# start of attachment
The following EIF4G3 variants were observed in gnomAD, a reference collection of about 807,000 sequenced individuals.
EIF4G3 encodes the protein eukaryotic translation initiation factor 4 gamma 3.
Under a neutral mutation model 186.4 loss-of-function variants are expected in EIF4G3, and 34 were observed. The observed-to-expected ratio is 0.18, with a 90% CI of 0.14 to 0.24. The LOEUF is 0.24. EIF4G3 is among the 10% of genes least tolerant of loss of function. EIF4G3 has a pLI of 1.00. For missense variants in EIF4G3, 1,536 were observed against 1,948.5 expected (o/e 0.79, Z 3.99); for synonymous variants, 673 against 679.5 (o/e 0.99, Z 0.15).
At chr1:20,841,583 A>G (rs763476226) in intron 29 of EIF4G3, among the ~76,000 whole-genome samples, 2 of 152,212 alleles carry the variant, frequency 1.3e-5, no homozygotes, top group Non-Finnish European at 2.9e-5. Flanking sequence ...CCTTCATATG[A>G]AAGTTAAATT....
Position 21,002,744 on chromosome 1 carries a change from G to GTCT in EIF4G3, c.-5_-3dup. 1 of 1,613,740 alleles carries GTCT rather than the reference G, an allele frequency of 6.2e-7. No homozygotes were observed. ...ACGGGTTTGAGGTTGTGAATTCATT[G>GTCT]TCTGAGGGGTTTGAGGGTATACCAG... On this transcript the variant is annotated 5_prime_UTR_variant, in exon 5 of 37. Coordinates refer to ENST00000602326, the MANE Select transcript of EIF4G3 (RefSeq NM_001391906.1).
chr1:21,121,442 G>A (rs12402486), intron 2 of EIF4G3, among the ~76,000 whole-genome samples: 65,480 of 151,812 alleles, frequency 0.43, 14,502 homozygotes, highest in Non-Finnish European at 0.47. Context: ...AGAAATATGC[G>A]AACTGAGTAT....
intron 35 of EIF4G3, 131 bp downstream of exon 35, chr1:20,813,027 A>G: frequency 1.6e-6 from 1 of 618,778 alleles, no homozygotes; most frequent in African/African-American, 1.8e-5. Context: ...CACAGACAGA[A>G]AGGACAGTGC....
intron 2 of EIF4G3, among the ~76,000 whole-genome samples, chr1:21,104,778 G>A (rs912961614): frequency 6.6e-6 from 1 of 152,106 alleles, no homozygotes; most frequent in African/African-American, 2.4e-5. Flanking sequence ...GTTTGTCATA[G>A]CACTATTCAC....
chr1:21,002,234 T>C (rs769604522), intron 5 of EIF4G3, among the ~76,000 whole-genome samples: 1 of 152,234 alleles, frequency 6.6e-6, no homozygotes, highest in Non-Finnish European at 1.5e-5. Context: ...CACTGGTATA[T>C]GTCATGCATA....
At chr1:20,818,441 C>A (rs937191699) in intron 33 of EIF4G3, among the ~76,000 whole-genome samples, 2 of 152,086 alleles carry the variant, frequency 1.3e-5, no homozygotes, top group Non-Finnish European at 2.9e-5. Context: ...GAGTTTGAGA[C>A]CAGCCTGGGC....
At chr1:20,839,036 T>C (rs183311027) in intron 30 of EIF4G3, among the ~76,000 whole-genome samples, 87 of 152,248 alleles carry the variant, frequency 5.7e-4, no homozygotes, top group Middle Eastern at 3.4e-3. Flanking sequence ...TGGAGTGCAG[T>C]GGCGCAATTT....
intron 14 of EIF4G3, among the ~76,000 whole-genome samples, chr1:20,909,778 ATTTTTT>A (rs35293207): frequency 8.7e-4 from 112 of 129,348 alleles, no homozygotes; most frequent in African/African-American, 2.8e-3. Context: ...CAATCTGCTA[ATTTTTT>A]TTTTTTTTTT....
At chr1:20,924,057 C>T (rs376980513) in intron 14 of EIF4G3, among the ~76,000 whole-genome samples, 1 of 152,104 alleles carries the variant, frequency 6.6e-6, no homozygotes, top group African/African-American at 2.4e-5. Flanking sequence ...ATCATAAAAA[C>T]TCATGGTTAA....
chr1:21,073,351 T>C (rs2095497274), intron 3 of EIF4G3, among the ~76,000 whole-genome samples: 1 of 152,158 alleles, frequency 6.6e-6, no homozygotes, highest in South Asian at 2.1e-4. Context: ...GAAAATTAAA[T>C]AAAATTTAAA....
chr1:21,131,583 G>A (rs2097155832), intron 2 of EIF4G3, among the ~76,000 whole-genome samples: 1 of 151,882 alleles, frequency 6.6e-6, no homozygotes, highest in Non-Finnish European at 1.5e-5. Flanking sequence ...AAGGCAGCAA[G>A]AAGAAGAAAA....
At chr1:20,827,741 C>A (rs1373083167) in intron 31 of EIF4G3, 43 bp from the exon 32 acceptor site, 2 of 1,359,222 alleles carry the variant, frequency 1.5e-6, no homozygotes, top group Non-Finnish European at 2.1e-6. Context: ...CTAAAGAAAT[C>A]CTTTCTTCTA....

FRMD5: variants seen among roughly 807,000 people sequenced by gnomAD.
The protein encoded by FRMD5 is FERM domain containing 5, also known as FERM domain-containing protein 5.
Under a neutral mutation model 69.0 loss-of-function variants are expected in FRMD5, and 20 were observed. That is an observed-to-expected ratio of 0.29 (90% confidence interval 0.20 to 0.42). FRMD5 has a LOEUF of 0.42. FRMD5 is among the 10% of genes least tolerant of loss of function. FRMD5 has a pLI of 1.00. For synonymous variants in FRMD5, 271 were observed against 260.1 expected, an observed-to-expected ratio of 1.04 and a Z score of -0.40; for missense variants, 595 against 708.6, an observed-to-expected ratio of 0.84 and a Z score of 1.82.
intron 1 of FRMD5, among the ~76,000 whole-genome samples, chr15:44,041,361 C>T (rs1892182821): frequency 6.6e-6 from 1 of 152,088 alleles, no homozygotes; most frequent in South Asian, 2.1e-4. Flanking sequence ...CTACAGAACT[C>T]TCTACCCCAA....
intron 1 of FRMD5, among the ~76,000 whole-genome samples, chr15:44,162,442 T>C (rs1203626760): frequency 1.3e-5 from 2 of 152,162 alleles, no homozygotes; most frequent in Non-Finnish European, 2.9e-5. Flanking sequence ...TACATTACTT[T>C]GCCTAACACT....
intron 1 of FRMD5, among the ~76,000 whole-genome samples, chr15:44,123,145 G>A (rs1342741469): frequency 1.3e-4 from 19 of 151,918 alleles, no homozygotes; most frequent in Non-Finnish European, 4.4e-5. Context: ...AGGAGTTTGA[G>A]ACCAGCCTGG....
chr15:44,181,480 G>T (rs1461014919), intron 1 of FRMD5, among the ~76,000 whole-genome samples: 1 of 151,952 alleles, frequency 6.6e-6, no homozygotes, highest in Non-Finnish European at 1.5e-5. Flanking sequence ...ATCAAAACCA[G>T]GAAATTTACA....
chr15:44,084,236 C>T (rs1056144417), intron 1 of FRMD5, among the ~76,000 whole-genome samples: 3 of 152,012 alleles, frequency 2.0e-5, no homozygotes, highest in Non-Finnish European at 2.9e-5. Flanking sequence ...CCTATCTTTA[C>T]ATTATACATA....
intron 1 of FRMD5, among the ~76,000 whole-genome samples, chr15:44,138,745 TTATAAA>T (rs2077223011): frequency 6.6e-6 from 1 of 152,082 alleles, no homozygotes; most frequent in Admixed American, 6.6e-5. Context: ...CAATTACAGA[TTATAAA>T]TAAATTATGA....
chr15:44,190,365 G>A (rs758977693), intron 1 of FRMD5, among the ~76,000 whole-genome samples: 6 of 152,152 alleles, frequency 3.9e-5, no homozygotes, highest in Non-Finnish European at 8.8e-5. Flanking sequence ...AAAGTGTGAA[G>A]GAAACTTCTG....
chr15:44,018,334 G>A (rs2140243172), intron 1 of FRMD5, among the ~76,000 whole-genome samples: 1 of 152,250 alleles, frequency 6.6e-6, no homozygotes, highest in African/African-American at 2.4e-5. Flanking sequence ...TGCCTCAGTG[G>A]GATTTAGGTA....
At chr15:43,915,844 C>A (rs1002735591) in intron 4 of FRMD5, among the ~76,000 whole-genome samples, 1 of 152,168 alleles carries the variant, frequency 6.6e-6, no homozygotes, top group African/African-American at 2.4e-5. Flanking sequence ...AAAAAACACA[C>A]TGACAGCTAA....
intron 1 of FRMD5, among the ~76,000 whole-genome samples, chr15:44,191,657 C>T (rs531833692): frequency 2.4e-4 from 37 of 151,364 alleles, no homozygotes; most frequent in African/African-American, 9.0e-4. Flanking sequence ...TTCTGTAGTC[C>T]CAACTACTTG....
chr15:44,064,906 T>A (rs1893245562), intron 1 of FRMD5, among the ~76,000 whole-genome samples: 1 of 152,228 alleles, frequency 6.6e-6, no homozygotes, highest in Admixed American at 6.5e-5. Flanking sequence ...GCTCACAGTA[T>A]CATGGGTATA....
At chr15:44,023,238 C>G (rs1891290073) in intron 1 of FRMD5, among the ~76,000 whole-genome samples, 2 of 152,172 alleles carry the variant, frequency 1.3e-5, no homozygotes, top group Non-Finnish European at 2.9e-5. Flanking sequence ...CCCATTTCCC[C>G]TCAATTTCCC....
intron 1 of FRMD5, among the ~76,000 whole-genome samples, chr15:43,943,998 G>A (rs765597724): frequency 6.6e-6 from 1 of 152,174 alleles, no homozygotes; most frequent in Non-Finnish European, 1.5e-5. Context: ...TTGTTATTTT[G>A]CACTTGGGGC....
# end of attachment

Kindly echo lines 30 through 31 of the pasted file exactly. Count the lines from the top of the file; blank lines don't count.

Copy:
chr15:44,064,906 T>A (rs1893245562), intron 1 of FRMD5, among the ~76,000 whole-genome samples: 1 of 152,228 alleles, frequency 6.6e-6, no homozygotes, highest in Admixed American at 6.5e-5. Flanking sequence ...GCTCACAGTA[T>A]CATGGGTATA....
At chr15:44,023,238 C>G (rs1891290073) in intron 1 of FRMD5, among the ~76,000 whole-genome samples, 2 of 152,172 alleles carry the variant, frequency 1.3e-5, no homozygotes, top group Non-Finnish European at 2.9e-5. Flanking sequence ...CCCATTTCCC[C>G]TCAATTTCCC....